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RBTE 2015: Retail, the Internet of Things and why it's important

The 'Internet of Things' (IoT) looks set to be a disruptive technology trend in retail. And, if the numbers of visitors that attended my session on the same subject at this month's RBTE is anything to go by, retailers think so too. But it is important, particularly at this nascent development stage, to separate hype from reality.

Firstly, what is IoT? IDC defines IoT as a network connecting (either wired or wireless) devices or "things" that can enable autonomous provisioning, management, and monitoring. Broadly speaking, this translates to enabling two-way networked communication between any internet connected, IP-addressable devices and central provisioning, management, and monitoring systems. Such devices could be customer or store associate handhelds or wearables, as well as networked equipment or sensors, in mannequins, fridges or at the shelf-edge, for example.

IoT first emerged as a viable concept when the number of internet-connected devices overtook the number of people using them in around 2008-09. Where previously standalone devices existed in isolation, this tipping point heralded the possibility of networked devices proactively being able to communicate their status using sensors and wireless IP protocols.

Since then, the concept of IoT has been quickly embraced. So much so that IDC has forecast that the IoT market will grow from $1.9 trillion (£1.3 trillion) in 2013 to $4.6 trillion by 2018, with a CAGR of 19% The consumer space is leading the way, followed by five other addressable markets, including  retail, manufacturing, telecoms and utilities, and financial services.

Take for example, Hive (British Gas) in the UK or Nest (Google) in the US, which both aim to give consumers fine-grained, automated and remote control over smart heating and/or smoke alarm systems, for example. The French electronics chain Darty launched its "Darty button" late last year, which is designed to give subscription-paying customers direct contact with the retailer's helpdesk or after sales service, for what it describes as "prioritised, personalised support".

Examples such as Hive, Nest and the Darty button, coupled with continued consumer adoption of smart, networked devices in their home, on their person or in their hands is why IDC also expects consumer-facing IoT applications to experience  the fastest CAGR of 20.6% over the five-year forecast period.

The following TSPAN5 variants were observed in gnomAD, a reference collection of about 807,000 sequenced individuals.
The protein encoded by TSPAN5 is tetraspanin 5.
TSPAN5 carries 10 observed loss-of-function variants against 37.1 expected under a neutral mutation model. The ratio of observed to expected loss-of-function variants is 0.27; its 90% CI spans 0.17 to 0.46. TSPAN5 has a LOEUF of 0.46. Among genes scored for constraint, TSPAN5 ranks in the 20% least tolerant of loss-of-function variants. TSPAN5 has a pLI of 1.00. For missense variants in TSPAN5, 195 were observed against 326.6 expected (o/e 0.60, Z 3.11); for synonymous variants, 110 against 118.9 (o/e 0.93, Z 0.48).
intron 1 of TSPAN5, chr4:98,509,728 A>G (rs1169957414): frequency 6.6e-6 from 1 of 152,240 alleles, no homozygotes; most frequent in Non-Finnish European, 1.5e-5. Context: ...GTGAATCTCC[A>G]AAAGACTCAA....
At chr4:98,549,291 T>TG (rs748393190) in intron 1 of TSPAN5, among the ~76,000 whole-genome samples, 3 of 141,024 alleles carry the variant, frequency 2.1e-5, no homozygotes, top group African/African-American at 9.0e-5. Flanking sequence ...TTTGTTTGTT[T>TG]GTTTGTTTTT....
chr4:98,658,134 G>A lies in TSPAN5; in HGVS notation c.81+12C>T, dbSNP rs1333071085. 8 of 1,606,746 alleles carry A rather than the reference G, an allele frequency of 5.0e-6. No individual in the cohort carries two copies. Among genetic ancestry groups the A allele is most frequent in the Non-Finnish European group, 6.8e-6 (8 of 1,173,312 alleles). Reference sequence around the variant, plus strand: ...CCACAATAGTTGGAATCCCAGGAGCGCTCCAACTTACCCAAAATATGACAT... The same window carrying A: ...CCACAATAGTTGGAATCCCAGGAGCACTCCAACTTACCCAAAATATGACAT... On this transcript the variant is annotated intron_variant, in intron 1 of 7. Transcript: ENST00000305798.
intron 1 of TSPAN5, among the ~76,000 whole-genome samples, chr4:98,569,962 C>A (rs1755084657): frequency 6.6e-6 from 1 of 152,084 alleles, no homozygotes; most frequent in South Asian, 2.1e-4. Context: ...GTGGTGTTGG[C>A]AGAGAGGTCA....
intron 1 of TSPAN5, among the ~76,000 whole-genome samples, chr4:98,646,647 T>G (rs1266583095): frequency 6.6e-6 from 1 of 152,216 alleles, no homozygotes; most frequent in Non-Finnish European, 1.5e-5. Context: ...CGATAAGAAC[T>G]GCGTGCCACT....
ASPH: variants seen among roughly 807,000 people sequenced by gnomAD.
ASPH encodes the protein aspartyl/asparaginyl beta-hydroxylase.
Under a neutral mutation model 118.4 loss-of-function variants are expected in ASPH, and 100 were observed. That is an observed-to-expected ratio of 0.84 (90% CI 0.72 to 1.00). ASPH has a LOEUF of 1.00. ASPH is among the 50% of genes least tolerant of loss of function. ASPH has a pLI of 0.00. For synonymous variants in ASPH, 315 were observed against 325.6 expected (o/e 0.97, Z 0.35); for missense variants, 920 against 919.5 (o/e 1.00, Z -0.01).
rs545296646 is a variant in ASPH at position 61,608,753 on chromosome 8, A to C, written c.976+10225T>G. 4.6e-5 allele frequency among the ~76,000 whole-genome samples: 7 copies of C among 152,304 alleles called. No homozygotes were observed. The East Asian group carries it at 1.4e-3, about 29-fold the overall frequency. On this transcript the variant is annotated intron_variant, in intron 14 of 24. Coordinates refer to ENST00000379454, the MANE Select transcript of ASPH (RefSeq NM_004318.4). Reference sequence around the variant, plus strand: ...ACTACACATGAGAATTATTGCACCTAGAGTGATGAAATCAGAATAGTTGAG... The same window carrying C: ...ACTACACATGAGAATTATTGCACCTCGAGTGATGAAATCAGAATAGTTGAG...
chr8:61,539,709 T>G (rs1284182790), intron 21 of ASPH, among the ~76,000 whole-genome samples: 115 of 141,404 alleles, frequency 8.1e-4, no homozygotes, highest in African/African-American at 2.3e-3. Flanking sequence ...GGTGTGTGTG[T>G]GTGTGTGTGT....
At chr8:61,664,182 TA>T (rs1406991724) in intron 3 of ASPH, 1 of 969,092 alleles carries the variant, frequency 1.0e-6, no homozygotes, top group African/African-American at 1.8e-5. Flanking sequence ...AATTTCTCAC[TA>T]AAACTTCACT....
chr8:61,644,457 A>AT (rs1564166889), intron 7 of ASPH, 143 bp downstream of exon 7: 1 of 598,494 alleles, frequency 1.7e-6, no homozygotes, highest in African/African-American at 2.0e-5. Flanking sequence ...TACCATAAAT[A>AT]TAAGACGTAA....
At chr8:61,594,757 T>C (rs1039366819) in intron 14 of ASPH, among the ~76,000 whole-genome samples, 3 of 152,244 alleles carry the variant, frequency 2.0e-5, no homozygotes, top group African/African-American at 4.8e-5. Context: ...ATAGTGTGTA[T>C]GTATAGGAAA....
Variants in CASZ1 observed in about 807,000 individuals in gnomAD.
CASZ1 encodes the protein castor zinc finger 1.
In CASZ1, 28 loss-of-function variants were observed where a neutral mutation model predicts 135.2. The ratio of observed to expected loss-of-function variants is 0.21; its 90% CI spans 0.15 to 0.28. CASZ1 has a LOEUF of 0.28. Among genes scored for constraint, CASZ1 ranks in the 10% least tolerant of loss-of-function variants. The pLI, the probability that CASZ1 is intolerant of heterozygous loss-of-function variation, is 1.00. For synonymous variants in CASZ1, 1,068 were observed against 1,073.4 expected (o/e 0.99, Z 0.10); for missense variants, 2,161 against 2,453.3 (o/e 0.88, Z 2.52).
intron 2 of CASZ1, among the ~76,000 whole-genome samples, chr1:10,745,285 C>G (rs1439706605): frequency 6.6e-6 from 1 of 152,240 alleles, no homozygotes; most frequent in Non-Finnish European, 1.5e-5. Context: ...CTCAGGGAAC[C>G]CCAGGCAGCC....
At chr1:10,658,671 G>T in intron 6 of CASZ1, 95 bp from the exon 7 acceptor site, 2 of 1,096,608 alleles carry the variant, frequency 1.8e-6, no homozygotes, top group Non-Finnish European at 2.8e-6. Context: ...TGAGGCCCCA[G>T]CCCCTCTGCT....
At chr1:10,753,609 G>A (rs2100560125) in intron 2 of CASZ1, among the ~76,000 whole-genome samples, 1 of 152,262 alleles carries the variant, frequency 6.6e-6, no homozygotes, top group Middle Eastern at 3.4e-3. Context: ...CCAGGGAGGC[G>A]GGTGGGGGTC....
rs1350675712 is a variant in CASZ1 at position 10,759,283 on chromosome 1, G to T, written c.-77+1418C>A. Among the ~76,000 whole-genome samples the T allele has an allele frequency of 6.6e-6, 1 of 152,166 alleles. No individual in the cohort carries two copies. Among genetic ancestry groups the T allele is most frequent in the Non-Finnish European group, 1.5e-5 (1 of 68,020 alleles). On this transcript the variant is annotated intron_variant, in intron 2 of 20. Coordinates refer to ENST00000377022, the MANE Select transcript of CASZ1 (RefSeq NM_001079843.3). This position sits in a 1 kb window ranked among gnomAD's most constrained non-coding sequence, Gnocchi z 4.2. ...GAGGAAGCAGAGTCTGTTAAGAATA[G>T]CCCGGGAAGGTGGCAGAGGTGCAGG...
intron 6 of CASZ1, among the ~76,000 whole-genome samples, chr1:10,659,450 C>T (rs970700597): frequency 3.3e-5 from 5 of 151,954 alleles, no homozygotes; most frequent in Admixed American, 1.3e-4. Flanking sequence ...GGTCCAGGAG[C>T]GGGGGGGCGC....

Examining such use cases, it is clear to see that IoT would not exist without the developments around cloud, mobile, social and big data analytics – which IDC refers to as the four foundational pillars of the 3rd Technology Platform (where the first was mainframe-based and the second used the client-server model).

Just as consumers are already embracing early IoT applications, so some retailers are also already harnessing the benefits of early IoT, 3rd Platform-enabled developments, with the use of radio frequency identification technology – or more regularly described shortened to RFID – to provide real-time track and trace capabilities throughout the supply chain being a prime example.

Consider also the role of GPS technology in location-based fleet and logistics management systems, or the use of machine-to-machine (M2M) communications for the proactive monitoring of systems health and integrity or of data security, for example. This is why IDC found 10% of all IoT investment in 2013 was attributable by retailers, and also why by 2017, annual industry investment will surpass $466 million (£131 million).

Much of this increased spending is likely to be focused on extending the same benefits of real time, location-based, track and trace capabilities and two-way communications from the back office into the store and customer-facing touch points. This is evidenced as retailers across sectors, like HMV, Spar, Fenwicks and even KFC, are experimenting with Bluetooth beacons to serve more timely and targeted offers and promotions to customers as they are actually in or near the store.

This is why IDC Retail Insights is urging retailers of all shapes and sizes to evaluate the broader role that IoT could have in their organisations now, rather than later. With 40% of retailers we polled citing the cost of initial investments at the scale needed as the number one barrier to adoption, it will pay to work out how IoT can affect the bottom line by streamlining operational processes around monitoring, management and maintenance, as well as by providing a means of tracking and communicating with customers in more effective, timely and relevant ways online, in the store.

Managing security, big data volumes, analytics and network requirements are all challenges for retailers that, if they tackle now, will provide competitive advantage and enable the maximum ROI of IoT investments well into future.

Miya Knights is a senior research analyst with IDC Retail Insights.

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